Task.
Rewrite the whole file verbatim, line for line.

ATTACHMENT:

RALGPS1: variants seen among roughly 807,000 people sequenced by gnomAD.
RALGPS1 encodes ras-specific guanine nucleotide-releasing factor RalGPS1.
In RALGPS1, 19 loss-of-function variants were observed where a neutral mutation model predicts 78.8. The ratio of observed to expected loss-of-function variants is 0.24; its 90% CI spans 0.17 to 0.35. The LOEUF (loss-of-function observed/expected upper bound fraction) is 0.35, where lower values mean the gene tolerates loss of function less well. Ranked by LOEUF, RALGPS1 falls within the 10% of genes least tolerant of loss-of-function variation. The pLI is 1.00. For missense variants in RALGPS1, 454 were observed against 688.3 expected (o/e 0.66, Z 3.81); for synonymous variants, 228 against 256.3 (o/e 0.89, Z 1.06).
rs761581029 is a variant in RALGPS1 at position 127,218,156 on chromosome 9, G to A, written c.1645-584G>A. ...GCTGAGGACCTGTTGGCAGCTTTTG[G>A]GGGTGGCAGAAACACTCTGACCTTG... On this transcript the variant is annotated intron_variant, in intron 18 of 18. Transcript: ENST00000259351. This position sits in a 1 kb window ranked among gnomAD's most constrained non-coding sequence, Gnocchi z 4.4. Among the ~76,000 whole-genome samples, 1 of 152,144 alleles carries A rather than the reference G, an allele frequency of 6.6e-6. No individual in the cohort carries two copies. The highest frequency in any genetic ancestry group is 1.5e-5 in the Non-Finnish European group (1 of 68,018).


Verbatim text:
RALGPS1: variants seen among roughly 807,000 people sequenced by gnomAD.
RALGPS1 encodes ras-specific guanine nucleotide-releasing factor RalGPS1.
In RALGPS1, 19 loss-of-function variants were observed where a neutral mutation model predicts 78.8. The ratio of observed to expected loss-of-function variants is 0.24; its 90% CI spans 0.17 to 0.35. The LOEUF (loss-of-function observed/expected upper bound fraction) is 0.35, where lower values mean the gene tolerates loss of function less well. Ranked by LOEUF, RALGPS1 falls within the 10% of genes least tolerant of loss-of-function variation. The pLI is 1.00. For missense variants in RALGPS1, 454 were observed against 688.3 expected (o/e 0.66, Z 3.81); for synonymous variants, 228 against 256.3 (o/e 0.89, Z 1.06).
rs761581029 is a variant in RALGPS1 at position 127,218,156 on chromosome 9, G to A, written c.1645-584G>A. ...GCTGAGGACCTGTTGGCAGCTTTTG[G>A]GGGTGGCAGAAACACTCTGACCTTG... On this transcript the variant is annotated intron_variant, in intron 18 of 18. Transcript: ENST00000259351. This position sits in a 1 kb window ranked among gnomAD's most constrained non-coding sequence, Gnocchi z 4.4. Among the ~76,000 whole-genome samples, 1 of 152,144 alleles carries A rather than the reference G, an allele frequency of 6.6e-6. No individual in the cohort carries two copies. The highest frequency in any genetic ancestry group is 1.5e-5 in the Non-Finnish European group (1 of 68,018).